Prosecutors in Portugal have named an official suspect in the years-long investigation of the infamous disappearance of Madeleine McCann, the British three year old who went missing while her family vacationed in Praia da Luz, Portugal, in 2007.
In what The Daily Telegraph once described as “the most heavily reported missing-person case in modern history,” McCann’s mysterious disappearance drew unprecedented levels of media attention in the years that followed.
In 2007, her parents, Kate and Gerry McCann, were named as suspects in the case and were then cleared. The latest updates in the probe represent the first time in almost 15 years that Portuguese prosecutors have named alternative official suspects.
Christian Brueckner, a 45-year-old man from Germany, has been made an “arguido,” while Portuguese authorities have not yet formally released the suspect’s identity. “Arguido” translates to “named suspect” or “person of interest,” and this status is used in Portugal’s legal system to categorize someone who is more than a witness in a case, but has not yet been arrested or charged with a crime. It is a necessary precursor to pursuing any criminal charges.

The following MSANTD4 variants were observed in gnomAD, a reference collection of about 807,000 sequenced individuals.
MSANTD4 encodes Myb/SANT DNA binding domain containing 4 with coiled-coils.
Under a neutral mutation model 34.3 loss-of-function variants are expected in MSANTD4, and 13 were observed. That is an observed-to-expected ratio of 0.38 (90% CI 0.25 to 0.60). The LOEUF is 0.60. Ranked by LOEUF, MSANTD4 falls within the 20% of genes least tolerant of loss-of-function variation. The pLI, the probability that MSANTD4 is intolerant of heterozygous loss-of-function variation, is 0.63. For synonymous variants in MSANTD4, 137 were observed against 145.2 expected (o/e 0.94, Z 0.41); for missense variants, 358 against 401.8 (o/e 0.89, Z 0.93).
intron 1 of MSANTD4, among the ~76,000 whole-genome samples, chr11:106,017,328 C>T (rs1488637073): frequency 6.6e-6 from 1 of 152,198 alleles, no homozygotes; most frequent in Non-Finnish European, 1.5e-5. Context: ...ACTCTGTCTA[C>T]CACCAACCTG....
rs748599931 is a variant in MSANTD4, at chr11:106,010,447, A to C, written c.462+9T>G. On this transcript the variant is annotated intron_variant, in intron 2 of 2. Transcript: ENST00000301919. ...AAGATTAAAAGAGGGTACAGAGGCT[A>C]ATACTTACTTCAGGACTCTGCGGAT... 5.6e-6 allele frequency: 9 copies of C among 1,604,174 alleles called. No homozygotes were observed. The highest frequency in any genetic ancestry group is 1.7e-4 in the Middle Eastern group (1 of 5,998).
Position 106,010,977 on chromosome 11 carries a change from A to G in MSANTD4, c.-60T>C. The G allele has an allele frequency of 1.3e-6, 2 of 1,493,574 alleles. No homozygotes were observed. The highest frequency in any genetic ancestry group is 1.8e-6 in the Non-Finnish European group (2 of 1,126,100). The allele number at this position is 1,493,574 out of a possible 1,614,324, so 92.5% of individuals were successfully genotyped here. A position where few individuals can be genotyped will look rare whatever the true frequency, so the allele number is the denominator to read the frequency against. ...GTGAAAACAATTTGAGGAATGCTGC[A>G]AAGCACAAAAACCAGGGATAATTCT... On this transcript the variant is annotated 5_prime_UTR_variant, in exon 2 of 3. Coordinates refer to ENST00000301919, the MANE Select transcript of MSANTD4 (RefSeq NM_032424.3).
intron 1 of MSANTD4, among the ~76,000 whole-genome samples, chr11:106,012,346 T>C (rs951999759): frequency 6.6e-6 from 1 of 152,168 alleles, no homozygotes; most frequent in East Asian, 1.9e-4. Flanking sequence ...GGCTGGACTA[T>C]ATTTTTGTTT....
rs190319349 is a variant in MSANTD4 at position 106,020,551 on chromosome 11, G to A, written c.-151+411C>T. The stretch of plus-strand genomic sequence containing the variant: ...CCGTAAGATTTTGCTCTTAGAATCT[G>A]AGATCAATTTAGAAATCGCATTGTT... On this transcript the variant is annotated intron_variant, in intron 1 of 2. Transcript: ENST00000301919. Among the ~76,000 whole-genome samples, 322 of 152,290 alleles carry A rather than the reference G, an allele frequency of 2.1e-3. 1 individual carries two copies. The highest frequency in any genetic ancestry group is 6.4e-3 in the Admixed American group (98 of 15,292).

Portuguese authorities have been working with their German counterparts, with Brueckner being investigated by German police as recently as 2020. He is currently serving a prison sentence in Germany for drug offenses, in addition to a seven-year sentence for raping an elderly woman.
Under Portuguese law, it would not have been possible to declare anyone a person of interest in this case beyond the 15-year anniversary of Madeleine McCann’s disappearance, on May 3, 2022. Despite the rapidly approaching deadline, however, Portugal’s office of public prosecutions said that the timing was coincidental, and instead driven by “strong indications” of the practice of a crime.
According to Jim Gamble, a former British police officer who led an official Home Office review of McCann’s disappearance in 2010, the case against Brueckner is strong.
“This seems like a really strong case and that’s why I don’t think it is a procedural tick in a box to make sure they don’t miss out because of the statute of limitations,” Gamble told BBC Radio 4’s “Today” program. “I think there’s been a growing case and we should not underestimate the confidence of the German police.”
Gamble added allegations that phone data placed Brueckner in the area of McCann’s disappearance within a 30-minute timeframe, that the suspect had burglarized vacation homes in the area, and that children’s clothes were found in his vehicle.
“I think the circumstantial evidence that I know exists is extremely strong… I wouldn’t be surprised if charges follow,” Gamble noted. “It would just be fantastic to be able to give the McCanns peace of mind so far as knowing exactly what happened.”
Brueckner denies any involvement in the disappearance of McCann.